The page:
Planning during the pandemic

Estate Planning During the Pandemic

We’re still doing estate planning in the pandemic. In this podcast episode, we discuss the kinds of issues clients are asking about, and what steps we encourage people to take. What is the single most important document for you to get in order now? (Spoiler alert: we think it’s your health care power of attorney.)…

Tom's Retirement

Tom’s Retirement

Tom’s retirement. What does an estate planning lawyer learn from advising others about his own retirement planning? Tom Curti, founding partner of Fleming & Curti, PLC, retired just one year ago. At the time Tom was a 44-year lawyer. The Fleming & Curti partnership had been in place for more than a quarter century. For…

Agents who become incapable

Agents Who Become Incapable

You completed your estate planning, signing a will, and maybe even a trust. At the same time you signed a durable financial power of attorney, and a health care power of attorney. You planned for the possibility that you become incapacitated or die. But what happens about agents who become incapable of handling your affairs…

Marijuana and your estate plan

Marijuana and Your Estate Plan

Wait a minute — marijuana is illegal, isn’t it? Why would it factor into your estate plan? Join us for an engaging podcast discussion with our friend Gerry Beyer. Professor Beyer teaches law at the Texas Tech University College of Law. He is a national authority on a number of topics — but especially on,…

Gun trusts

Gun Trusts: Do You Need One?

We occasionally get asked about “gun trusts.” Does everyone who owns a firearm need to think about setting up a gun trust? Or is this something only gun dealers need to worry about? For most casual firearm owners, there’s no need to worry about a separate trust to handle guns. But join us for our…

Springing vs. Surviving Power of Attorney

Springing vs. Surviving Power of Attorney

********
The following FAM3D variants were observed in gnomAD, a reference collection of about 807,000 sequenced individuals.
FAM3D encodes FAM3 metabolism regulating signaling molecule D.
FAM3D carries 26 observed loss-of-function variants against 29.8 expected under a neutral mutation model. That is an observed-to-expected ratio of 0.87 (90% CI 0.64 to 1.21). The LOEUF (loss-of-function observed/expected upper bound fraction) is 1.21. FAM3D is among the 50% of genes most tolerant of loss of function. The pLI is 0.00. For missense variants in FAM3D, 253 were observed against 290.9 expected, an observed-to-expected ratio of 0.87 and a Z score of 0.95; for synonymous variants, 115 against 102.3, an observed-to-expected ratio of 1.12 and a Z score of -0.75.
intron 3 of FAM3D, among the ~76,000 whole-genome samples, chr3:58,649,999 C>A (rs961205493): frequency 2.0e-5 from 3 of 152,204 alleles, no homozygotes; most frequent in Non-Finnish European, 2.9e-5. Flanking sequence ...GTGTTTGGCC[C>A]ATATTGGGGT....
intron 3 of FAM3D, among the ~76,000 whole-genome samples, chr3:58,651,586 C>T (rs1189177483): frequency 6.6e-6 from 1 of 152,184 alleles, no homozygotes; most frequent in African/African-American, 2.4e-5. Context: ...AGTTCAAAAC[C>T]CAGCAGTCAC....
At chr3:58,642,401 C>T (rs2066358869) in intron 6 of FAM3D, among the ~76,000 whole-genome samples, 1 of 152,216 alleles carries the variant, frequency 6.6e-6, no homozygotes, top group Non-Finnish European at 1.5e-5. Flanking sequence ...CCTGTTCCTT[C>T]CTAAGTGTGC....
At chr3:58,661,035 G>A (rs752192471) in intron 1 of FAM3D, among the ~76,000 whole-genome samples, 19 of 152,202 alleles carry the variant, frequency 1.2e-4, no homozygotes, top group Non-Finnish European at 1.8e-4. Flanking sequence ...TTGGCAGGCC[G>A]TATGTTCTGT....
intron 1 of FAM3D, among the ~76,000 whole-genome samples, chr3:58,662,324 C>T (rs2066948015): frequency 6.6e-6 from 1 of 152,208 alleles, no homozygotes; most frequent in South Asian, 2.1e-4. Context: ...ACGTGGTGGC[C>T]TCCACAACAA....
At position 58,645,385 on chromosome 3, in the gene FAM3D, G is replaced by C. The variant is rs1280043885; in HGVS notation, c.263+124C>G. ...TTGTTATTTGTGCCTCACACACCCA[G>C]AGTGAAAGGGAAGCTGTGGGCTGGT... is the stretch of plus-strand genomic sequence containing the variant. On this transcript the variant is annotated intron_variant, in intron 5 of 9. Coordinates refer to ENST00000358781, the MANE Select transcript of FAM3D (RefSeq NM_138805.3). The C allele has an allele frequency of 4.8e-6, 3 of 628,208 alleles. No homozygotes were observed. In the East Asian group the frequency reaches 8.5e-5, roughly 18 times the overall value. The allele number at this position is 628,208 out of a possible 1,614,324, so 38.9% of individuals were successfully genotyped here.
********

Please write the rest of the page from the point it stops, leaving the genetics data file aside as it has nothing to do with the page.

Springing vs. surviving durable financial powers of attorney: what’s the difference? Which is better? A “springing” power of attorney becomes effective only when the signer becomes incapacitated — lawyers talk about it “springing” into existence. A “surviving” power is immediately effective, and survives even if the signer later becomes incapacitated. Which do you prefer? Join…

Pet Trusts

Pet Trusts – With Prof. Gerry Beyer

We’re lucky to count Prof. Gerry Beyer among our good friends. He’s the Governor Preston E. Smith Regents Professor of Law at Texas Tech University College of Law. You can imagine that his business cards must be larger than usual — and that’s before he even gets to his academic credentials, accolades and identifiers. Prof.…

Simplify your estate plan

Simplify Your Estate Plan

Everyone wants a “simple” estate plan. But many have complicated notions about distribution of assets. We want to help you simplify your estate plan. We see many clients with fixed ideas about which assets should go to which beneficiaries. Do you have four children? Well, couldn’t you just open four accounts at different financial institutions…

Electronic wills in the era of coronavirus

Electronic Wills in the Era of Coronavirus

Arizona is one of the forward-thinking states authorizing some sort of electronic signing of wills. So what is the status of electronic wills in the era of coronavirus concerns? Turns out it’s not yet ready for the real world. Arizona (and most of the other states at the forefront) still requires witnesses to be physically…